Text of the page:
You need to ask the Clinton camp that one.

  • Flinch||

    Fusion GPS had unfiltered access to certain government databases prior to April 2016. Some of what they learned was salted into their 'dossier' I'm sure so that when rank and file FBI went to "vet" the document as instructed it would look like they had confirmation of certain information via different sources. They were used: they were looking at an edited version of their own information with added fiction so the whole package could be sold to the court. The higher ups knew this, and kept their mouths shut regarding provenance while the warrant was obtained and then extended. Crime of the century... and we need a new standard above simple 'obstruction of justice' in this case. RICO statutes were not built for application to the government, but certainly apply. The problem here is that the strings were largely pulled from inside the DOJ. Courts are not going to entertain a US v US case [it's an absurdity], which leaves charging individuals unfortunately. That falls short, because our law enforcement/court system was hijacked and [based on silence from the court issuing the warrant] was acting in concert. Mr & Mrs Ohr figure prominently, and appear to be the Rosenbergs of this generation. It's a multi branch breakdown, and congress needs to snap to.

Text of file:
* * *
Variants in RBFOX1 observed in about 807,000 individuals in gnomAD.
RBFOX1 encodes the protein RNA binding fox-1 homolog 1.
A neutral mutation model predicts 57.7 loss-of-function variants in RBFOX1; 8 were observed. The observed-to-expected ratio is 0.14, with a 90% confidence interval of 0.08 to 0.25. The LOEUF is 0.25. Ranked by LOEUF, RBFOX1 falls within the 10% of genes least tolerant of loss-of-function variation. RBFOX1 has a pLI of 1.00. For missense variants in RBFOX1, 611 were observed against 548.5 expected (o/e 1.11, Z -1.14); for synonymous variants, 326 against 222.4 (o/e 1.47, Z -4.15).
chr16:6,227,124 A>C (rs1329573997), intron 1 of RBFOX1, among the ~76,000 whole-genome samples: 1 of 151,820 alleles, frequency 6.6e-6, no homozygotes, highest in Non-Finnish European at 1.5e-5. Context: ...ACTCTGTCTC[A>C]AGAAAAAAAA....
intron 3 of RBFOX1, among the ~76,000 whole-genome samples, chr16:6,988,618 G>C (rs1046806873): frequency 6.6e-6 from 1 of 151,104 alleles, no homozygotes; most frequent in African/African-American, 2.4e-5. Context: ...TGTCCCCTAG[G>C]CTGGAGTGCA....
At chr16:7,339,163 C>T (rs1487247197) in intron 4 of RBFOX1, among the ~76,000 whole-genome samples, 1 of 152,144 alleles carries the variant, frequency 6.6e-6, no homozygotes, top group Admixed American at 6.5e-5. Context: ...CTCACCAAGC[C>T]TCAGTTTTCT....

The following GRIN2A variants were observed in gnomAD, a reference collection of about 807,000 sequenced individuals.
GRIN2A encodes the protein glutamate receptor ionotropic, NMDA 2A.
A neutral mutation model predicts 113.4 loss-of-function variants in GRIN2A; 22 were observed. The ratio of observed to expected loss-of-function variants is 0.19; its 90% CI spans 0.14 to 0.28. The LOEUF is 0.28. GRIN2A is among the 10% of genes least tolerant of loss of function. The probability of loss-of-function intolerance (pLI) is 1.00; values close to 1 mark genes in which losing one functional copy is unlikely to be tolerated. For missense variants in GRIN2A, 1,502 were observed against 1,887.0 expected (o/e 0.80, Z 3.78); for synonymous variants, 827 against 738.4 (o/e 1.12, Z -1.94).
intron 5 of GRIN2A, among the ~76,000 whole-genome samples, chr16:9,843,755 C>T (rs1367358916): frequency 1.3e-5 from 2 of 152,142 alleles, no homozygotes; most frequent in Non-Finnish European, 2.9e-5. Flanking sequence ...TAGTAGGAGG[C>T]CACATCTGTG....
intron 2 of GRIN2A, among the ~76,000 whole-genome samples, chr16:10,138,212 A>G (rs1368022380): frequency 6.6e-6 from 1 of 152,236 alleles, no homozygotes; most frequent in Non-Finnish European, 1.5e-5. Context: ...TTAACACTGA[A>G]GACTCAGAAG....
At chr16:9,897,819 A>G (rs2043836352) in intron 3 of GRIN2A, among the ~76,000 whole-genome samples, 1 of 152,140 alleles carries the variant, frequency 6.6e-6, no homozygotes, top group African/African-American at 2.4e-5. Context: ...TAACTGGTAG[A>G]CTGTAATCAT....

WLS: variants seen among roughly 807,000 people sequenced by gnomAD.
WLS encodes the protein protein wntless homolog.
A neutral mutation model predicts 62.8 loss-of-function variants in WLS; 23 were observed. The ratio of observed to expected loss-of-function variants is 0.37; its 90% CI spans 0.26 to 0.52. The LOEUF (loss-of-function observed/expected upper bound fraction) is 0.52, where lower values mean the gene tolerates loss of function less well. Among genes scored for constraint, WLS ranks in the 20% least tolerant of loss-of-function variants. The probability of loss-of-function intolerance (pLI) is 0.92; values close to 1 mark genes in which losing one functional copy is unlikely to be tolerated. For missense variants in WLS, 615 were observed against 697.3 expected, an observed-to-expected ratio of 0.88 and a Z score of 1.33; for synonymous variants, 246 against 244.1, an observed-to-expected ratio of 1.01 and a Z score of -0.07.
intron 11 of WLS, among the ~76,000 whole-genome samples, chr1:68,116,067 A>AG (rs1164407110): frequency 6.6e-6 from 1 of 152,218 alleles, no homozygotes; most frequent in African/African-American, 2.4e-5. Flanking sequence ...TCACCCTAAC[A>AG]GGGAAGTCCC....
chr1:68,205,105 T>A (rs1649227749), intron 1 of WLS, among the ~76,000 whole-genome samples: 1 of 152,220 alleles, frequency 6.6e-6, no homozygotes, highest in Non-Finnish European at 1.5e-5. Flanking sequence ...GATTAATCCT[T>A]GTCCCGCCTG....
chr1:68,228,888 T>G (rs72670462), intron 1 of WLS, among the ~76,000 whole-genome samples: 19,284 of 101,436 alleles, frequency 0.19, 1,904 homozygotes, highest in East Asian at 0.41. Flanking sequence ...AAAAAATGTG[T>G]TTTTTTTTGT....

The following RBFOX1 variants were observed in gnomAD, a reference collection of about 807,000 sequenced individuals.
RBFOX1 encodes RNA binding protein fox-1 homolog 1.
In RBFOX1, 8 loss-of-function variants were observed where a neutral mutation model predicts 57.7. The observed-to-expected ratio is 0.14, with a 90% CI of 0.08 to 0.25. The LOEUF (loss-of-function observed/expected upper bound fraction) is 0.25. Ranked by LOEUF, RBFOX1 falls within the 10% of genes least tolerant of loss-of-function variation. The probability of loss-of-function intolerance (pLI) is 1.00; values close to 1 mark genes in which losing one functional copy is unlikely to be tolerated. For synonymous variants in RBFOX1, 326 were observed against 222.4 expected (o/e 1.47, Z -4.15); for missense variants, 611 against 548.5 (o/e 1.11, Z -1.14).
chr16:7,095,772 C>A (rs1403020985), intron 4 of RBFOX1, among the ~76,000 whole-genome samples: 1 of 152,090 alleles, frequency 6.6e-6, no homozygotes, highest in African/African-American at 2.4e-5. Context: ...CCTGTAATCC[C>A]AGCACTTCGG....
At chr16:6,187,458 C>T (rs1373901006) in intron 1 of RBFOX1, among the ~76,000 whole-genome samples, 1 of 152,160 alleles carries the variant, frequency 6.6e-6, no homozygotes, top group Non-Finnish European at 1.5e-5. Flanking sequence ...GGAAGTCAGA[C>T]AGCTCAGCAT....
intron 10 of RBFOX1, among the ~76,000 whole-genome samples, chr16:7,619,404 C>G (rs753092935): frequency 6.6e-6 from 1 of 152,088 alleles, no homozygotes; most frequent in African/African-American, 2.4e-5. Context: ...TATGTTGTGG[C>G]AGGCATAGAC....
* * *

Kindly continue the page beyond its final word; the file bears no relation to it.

• Gilbert Martin||

    The real obstruction of justice that needs to be further investigated and revealed is the obstruction of justice by the FBI and DOJ that conspired to let Hillary off the hook for the crimes she committed.

  • TrickyVic (old school)||

    Very few things say obstruction like bit bleaching a server when you know it will become evidence.

  • damikesc||

    And going on Reddit to specifically ask how to do it and having the head of the FBI give you immunity regardless.

  • TrickyVic (old school)||

    Immunity when you had no plans to use the testimony given.

    It was basically a way to prevent that person from having to testify in the future.

  • AZ Gunowner||

    "If lying to the public were a crime, Trump would be eligible for a life sentence"

    So would Obozo.

    McCain too, lots of em, maybe all of em.

  • BYODB||

    At least in the case of McCain, it wouldn't be a very long sentence. Not that I'm happy he's dying, but I'm happy he's leaving office one way or another.